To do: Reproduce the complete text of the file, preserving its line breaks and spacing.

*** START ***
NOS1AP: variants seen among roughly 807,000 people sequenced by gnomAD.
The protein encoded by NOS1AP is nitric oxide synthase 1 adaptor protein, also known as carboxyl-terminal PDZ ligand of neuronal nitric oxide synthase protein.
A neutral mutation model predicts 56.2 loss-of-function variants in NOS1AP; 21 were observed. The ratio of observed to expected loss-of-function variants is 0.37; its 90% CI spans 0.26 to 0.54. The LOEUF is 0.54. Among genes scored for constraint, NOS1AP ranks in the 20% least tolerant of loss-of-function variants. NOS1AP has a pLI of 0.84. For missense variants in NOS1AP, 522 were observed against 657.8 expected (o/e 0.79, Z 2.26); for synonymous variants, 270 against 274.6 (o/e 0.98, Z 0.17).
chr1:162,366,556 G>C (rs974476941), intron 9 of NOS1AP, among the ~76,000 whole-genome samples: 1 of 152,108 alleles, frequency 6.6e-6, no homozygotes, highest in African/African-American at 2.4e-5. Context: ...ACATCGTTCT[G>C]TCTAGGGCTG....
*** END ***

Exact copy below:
NOS1AP: variants seen among roughly 807,000 people sequenced by gnomAD.
The protein encoded by NOS1AP is nitric oxide synthase 1 adaptor protein, also known as carboxyl-terminal PDZ ligand of neuronal nitric oxide synthase protein.
A neutral mutation model predicts 56.2 loss-of-function variants in NOS1AP; 21 were observed. The ratio of observed to expected loss-of-function variants is 0.37; its 90% CI spans 0.26 to 0.54. The LOEUF is 0.54. Among genes scored for constraint, NOS1AP ranks in the 20% least tolerant of loss-of-function variants. NOS1AP has a pLI of 0.84. For missense variants in NOS1AP, 522 were observed against 657.8 expected (o/e 0.79, Z 2.26); for synonymous variants, 270 against 274.6 (o/e 0.98, Z 0.17).
chr1:162,366,556 G>C (rs974476941), intron 9 of NOS1AP, among the ~76,000 whole-genome samples: 1 of 152,108 alleles, frequency 6.6e-6, no homozygotes, highest in African/African-American at 2.4e-5. Context: ...ACATCGTTCT[G>C]TCTAGGGCTG....